Nigeria is a well-known leading oil producer and a key member of the Organisation of Oil Producing and Exporting Countries (OPEC). It is the highest oil producer in Africa.
Nigeria currently produces about 2.5 million barrels of oil per day. While Nigeria is well known for its abundant oil resources, the country is not as well-known for its gas potential. Gas has the potential to power Nigeria and its neighbours and it offers a relatively cheaper, more secure and cleaner way of generating energy.
Ironically, Nigeria appears to be more endowed in gas than oil, yet cannot provide enough natural gas to thermal power plants in the south to generate electricity for use by homes and industries.
It is therefore not surprising that the gas sector has recently been receiving increased attention, especially with the dwindling fortunes of the oil business.
Nigeria’s gas reserve is put at around 180 trillion standard cubic feet (SCF). It is in the top-10 bracket of the world in terms of its gas reserves and it is the leader in Africa. If its enormous gas potential is properly harnessed, Nigeria is capable of experiencing great developmental strides and growth that should naturally accrue to a country as blessed with so much abundant resources as Nigeria is. To achieve its potential, however, Nigeria has to overcome some critical challenges.
As part of its strategy to meet Nigeria’s gas requirements, Dangote Industries Limited (DIL) has recently completed the acquisition of Twister B.V., a company headquartered in the Netherlands.
Twister B.V. delivers reliable, high-yield and robust solutions in natural gas processing and separation to the upstream and midstream oil and gas sectors. Twister’s unique separation capabilities are designed for augmenting production and streamlining processes, to capitalise on high-yield gas processing for maximising revenues. Twister B.V. used to be owned by Shell Technology Ventures Fund 1, before its recent acquisition by DIL together with its partner – First E&P.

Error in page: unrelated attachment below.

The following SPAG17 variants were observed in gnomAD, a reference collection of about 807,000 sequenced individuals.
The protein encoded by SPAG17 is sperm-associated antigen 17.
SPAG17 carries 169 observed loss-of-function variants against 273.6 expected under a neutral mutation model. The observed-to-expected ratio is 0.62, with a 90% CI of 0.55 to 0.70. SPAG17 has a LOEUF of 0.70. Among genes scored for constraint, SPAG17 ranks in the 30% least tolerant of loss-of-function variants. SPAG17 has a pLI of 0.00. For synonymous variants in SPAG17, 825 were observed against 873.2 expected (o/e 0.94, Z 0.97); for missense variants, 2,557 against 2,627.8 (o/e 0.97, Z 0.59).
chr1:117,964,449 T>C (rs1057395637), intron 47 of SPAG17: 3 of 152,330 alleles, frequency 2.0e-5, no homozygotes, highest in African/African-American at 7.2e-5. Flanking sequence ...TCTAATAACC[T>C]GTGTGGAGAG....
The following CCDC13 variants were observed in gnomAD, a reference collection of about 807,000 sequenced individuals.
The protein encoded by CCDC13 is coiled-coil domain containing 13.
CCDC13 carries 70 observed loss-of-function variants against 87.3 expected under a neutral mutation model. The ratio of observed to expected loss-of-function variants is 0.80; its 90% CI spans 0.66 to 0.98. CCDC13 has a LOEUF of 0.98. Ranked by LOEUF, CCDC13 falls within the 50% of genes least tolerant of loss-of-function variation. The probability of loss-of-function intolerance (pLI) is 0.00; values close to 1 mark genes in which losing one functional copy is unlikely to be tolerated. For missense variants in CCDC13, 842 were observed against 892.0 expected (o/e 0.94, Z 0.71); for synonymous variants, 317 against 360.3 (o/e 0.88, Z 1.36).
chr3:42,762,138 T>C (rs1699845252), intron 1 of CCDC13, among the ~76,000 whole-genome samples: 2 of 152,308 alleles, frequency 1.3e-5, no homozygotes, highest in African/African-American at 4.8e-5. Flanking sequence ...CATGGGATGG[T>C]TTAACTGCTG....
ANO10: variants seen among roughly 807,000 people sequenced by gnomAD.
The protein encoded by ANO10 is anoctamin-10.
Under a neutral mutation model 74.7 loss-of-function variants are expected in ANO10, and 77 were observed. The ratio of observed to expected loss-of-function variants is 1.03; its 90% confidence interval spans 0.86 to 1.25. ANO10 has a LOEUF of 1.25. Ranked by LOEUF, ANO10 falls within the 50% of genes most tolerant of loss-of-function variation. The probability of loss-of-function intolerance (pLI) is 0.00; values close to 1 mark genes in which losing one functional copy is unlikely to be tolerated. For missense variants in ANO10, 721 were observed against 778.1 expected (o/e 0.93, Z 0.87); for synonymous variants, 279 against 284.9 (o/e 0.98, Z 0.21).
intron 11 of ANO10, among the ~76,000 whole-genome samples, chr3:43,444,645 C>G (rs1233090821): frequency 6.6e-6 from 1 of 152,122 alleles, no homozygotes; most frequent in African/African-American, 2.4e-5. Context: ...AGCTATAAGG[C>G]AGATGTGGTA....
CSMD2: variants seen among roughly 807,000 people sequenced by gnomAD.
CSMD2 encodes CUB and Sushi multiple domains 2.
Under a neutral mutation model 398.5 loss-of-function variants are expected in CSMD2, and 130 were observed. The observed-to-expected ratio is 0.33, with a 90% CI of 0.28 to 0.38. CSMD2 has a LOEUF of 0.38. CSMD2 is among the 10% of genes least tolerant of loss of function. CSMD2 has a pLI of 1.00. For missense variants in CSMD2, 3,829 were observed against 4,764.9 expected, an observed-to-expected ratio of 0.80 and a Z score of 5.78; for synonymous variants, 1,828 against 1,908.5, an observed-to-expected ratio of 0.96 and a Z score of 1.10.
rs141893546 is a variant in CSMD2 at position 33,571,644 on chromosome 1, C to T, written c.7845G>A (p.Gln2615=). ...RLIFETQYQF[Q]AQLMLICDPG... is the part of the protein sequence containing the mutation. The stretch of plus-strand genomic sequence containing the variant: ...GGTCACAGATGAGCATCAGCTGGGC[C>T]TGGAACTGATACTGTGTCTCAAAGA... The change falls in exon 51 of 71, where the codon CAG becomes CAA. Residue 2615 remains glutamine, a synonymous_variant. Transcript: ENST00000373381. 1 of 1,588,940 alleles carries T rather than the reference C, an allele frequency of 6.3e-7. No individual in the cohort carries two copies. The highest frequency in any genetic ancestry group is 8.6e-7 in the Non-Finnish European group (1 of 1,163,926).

Based on sophisticated patented technology, Twister gas plants are typically cheaper to build and operate compared to alternative technologies, and also deliver better performance levels. The company has customers in Nigeria, Malaysia, and South America.
The acquisition complements DIL’s portfolio of investments in the upstream, midstream, and downstream segments of the Oil & Gas sector. The company will help design and build the gas plants which would be critical in processing gas from oil fields for transportation via Dangote’s planned sub-sea pipeline (EWOGGS) for ultimate consumption by various industries and power plants.
The president and CEO of Dangote Group, Alhaji Aliko Dangote, said, “This was an important acquisition for us. Twister’s cutting edge gas processing technology is fundamental to delivering our strategy to unlock about 3 bcfd of gas in order to meet Nigeria’s gas needs.”
The CEO of Twister, John Young said “We are delighted in the confidence Dangote Industries Limited and First E&P have shown in Twister to be their core provider of gas separation solutions. After a very thorough due diligence our technology has been recognised as a key enabler to reduce gas project costs which is crucial in this current environment. We are excited to be part of the Dangote family of companies.”
It would be recalled that the refinery and fertilizer projects of Dangote Industries Limited is reported to have the capacity of creating a minimum of 235,000 new jobs, both direct and indirect jobs, as it becomes operational in the first quarter of 2019.
Dangote, who revealed this recently, also stated that the projects would cost a minimum of $17 billion.
He said the $12 billion refinery would have a capacity of 650,000 barrels a day. He assured that there will be market for the refined products because even in Africa, only three countries have effective functioning refinery with others importing from abroad.